While I was looking for programs to be a part of in the late winter to early spring, I noticed that I was running out of time. I was looking for a program that worked within my interests as well as being local in NYC. There are countless of organizations that facilitate charity/classes in various countries, but those programs became limiting to me as I realized I wanted to be doing a few things at once. After a bit of extra searching, I found an organization called the International Rescue Committee, or the IRC. The slogan of the IRC is "From Harm to Home," and this saying is also their goal. After digging around their website, I learned that they help people who are refugees from their country or seeking asylum in getting their American citizenship. Eventually, I found a program that was almost exactly what I was looking for.
Through the IRC, I found a volunteer opportunity in one of their summer programs called the Refugee Youth Summer Academy, or RYSA. RYSA is a school-readiness program focused on helping children who are refugees be ready for the school year in a new country. This interested me particularly because of the fact that these are children from all different cultures who all speak different languages and they all have different beliefs; and to see all of these differences in one building for six weeks all while trying to understand their new American identity sounded unbelievably amazing. I filled out the not-too-lengthy process of uploading various pieces of information as well as a resumé. Afterwards had a 30 minute mini-interview call followed by a in-person interview a few weeks later. By the end of it all, I was informed that I was accepted as a peer mentor to upper elementary 1, which is about the ages of 6-8.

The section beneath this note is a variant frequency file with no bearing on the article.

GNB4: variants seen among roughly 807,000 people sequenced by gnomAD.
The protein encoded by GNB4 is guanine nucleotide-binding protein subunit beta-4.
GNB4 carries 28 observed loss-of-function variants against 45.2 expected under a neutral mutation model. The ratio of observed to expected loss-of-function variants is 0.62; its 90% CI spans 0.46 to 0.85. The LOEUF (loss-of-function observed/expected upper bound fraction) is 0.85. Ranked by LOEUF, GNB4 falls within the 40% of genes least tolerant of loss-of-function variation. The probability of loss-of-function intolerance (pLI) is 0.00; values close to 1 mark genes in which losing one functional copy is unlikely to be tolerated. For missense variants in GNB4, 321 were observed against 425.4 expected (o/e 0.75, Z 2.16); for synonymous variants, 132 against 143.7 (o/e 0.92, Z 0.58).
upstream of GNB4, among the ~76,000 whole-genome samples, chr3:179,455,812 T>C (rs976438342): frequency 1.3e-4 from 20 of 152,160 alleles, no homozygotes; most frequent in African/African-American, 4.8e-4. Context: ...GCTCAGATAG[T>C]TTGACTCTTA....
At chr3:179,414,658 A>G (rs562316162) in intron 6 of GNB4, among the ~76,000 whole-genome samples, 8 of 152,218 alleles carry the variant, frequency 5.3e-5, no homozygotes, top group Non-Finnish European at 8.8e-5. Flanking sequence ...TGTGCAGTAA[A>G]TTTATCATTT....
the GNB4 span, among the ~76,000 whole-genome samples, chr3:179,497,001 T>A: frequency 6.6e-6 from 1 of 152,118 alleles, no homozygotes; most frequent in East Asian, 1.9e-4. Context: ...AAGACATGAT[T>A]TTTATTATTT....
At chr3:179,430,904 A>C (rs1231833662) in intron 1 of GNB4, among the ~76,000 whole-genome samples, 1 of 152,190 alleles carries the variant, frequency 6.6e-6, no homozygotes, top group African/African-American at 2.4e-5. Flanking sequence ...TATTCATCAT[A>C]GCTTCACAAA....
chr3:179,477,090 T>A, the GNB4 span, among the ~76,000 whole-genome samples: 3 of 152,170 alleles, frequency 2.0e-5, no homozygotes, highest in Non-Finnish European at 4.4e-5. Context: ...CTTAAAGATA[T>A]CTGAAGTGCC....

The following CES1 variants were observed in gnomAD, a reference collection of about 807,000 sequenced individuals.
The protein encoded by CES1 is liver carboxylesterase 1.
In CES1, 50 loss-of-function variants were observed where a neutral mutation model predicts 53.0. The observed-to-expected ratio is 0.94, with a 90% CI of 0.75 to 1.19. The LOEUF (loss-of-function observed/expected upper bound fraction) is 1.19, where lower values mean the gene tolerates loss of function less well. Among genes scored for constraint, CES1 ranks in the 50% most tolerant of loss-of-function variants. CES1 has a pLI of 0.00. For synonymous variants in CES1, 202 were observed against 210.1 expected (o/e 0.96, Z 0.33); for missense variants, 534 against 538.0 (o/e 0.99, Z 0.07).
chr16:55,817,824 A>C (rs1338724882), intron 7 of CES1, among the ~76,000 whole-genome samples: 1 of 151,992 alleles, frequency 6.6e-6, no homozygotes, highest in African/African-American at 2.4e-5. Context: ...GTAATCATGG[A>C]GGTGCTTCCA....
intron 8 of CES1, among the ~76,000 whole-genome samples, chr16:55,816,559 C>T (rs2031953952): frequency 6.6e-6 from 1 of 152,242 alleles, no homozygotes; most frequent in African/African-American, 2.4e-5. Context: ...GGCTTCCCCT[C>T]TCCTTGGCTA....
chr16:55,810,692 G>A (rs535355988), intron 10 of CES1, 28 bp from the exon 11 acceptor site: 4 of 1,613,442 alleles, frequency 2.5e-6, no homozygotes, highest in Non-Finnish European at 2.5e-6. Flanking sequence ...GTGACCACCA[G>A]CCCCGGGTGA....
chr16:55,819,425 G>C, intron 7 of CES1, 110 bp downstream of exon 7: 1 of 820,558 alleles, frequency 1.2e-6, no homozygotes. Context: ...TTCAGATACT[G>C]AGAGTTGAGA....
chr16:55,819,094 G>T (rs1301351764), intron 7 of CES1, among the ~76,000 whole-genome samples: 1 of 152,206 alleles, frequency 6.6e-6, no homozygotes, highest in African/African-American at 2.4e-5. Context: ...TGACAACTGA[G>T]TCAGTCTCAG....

After participating in a three day long training with all the other peer mentors at the public school where RYSA would take place, we got to set up the classrooms for the kids and we learned what our job was and what to expect on some level. As a peer mentor, my job is to be their friend in a sense. During activities either academic or extracurricular I'd participate, help out or work with someone one-on-one while the assistant teacher and head teacher lead the class. It was also explained that while we could, and should, be jovial and fun, we also need to be careful. We were told that some of the kids have probably seen things that no grown adult should ever see, and to be ready if they suddenly share it because it could happen. One issue that came up was the original classroom my kids were given was covered wall-to-wall with posters of heavy metal bands, so much so that the room became known as the "megadeath classroom." These posters aren't something particularly fear-inducing to an american teenager who has seen them before, but to children who have no clue what those posters mean and why they're there, they could be very unsettling. After dealing with the megadeath classroom and getting the room changed, it opened my eyes to how fragile these kids may be and I began to be concerned about certain situations that wouldn't be the end of the world, but are definitely not welcomed. Situations like fighting, complete emotional breakdown, acting out to be kicked out of the program, generally not listening and even just complete lack of English, even though that was explicitly said to be something that we will come across.